3) Can the Turkish people pack the Sinam Erdem Dome, or will it be a ghost town?

Notes and Miscellaneous:

-- Round Robin play will take place until Friday, Semifinals Saturday, Finals Sunday.

-- How is Maria Sharapova's ankle? She hasn' t played since the injury occurred. It was slightly gruesome for those who saw it, and while Maria says it's not an issue, the proof will be in the pudding.

-- Did you know? That Maria Sharapova is the only member of the elite 8 with an all-time winning record against the top 5?

-- Sharapova has the best all-time record vs. her group, at 17-6.

-- Vera Zvonareva's 451 all time wins tops all players in the draw.

-- Caroline Wozniacki's 62 wins and .805 winning pct. in 2011 top all players in the draw.

-- For the 10th consecutive year, 2 or more Russians have qualified for the Championships.

Tuesday, October 4, 2011

Radwanska's Game Shines in Japan

It's pretty obvious that the intensity can drop for some during tennis' early autumn Asian swing. The Slams have all been played, and the physical toll of a long grind is being felt by most, but that is clearly not the case for Agnieszka Radwanska. The 22-year-old, who hadn't won a title in three years before taking the Carlsbad title this summer, was at her ball-massaging angle-hitting best in her first post-US Open event of 2011, the Toray Pan Pacific Open.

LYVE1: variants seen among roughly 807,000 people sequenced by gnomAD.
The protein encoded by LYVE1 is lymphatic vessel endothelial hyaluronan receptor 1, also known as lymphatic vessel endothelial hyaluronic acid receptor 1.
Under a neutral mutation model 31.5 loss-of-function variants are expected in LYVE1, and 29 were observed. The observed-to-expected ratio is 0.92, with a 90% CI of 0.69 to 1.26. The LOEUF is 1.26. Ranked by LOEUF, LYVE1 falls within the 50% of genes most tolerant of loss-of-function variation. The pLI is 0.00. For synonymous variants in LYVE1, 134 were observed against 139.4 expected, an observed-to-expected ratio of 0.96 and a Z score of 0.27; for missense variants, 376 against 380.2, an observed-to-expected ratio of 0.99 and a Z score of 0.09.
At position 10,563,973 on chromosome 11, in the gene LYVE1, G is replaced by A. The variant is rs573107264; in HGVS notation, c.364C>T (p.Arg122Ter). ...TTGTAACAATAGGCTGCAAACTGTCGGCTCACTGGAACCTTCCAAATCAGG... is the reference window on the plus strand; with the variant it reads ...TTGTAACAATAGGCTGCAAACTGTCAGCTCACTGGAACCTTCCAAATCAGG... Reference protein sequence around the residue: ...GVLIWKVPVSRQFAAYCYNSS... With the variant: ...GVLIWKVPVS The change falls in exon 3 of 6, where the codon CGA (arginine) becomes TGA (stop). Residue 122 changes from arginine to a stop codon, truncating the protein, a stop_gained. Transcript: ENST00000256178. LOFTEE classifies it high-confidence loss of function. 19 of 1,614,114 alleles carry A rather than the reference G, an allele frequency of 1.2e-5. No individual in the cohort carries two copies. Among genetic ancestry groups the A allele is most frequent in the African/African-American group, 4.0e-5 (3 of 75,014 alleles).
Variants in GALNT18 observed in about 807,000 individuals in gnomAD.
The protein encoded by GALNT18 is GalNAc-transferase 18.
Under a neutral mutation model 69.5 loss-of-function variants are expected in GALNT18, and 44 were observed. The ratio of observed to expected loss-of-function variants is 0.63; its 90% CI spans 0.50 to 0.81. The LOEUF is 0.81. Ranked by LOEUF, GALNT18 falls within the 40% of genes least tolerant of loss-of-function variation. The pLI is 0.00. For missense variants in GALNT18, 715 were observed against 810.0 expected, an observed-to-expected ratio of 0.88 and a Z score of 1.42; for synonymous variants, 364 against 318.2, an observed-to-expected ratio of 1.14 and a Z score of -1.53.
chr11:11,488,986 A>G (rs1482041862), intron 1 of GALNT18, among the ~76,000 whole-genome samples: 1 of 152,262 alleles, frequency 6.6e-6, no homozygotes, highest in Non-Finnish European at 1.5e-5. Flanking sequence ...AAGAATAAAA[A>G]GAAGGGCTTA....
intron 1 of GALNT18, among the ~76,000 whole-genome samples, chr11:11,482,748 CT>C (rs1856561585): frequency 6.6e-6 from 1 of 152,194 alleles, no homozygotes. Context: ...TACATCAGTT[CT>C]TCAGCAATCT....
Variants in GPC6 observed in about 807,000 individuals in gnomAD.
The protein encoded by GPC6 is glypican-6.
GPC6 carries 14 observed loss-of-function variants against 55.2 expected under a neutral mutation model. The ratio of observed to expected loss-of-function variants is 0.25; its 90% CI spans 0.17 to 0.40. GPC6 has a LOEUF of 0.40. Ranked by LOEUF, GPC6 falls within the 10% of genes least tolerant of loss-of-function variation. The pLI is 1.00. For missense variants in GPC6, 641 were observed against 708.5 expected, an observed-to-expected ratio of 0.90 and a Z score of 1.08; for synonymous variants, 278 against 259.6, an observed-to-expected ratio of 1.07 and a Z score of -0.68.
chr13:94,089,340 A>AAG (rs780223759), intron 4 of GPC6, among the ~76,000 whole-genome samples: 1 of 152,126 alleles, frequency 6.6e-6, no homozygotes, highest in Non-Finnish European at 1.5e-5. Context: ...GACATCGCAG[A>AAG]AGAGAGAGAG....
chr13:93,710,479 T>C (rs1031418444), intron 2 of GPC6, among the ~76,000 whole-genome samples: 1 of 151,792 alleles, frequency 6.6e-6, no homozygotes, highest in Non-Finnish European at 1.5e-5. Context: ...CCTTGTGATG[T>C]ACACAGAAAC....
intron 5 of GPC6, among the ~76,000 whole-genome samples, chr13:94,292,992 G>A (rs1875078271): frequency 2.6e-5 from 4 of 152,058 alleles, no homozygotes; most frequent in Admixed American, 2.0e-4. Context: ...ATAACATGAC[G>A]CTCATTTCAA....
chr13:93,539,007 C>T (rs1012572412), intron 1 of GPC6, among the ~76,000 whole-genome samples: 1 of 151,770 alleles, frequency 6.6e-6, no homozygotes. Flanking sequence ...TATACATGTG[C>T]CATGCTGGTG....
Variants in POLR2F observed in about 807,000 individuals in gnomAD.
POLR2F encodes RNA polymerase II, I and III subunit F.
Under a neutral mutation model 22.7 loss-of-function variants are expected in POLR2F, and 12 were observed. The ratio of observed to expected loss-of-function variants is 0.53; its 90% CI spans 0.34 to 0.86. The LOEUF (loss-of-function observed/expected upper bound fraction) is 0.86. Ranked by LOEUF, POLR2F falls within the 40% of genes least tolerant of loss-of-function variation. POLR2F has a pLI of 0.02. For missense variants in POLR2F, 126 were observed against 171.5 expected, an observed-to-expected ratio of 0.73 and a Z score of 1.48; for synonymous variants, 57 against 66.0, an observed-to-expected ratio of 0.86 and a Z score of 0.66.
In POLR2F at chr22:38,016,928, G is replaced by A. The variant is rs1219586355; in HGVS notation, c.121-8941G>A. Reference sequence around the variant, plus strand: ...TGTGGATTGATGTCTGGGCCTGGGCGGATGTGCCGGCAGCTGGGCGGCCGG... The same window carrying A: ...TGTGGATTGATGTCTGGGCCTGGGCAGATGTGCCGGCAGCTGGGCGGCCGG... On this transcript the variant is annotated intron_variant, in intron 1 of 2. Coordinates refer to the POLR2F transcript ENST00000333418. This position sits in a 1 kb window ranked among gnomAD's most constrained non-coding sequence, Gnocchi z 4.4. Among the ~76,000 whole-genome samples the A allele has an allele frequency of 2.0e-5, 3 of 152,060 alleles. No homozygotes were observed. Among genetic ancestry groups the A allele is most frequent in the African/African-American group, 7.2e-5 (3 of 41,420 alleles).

After avenging her US Open loss to Angelique Kerber in the second round, Radwanska went on to bagel Jelena Jankovic in the third set of the third round -- and that was just the beginning. In the semis and finals Radwanska won easily over the number three and four-ranked players in the world -- Victoria Azarenka and Vera Zvonareva -- and clinched the biggest title of her career.

So, what does it all mean? Well, for one, it means that Radwanska is a heck of a player, and while she may not be a "scout's dream" like a lot of her peers, she's as crafty as they come, as creative as they come, and also as precise as they come. The missing element in Radwanska's game has always been power, but in a sense, the lack of power is what makes her game alluring. Because she doesn't have the power to blast winners from behind the baseline or to dictate points with a big serve, Radwanska is forced to be creative when it comes to taking time away from her opponents.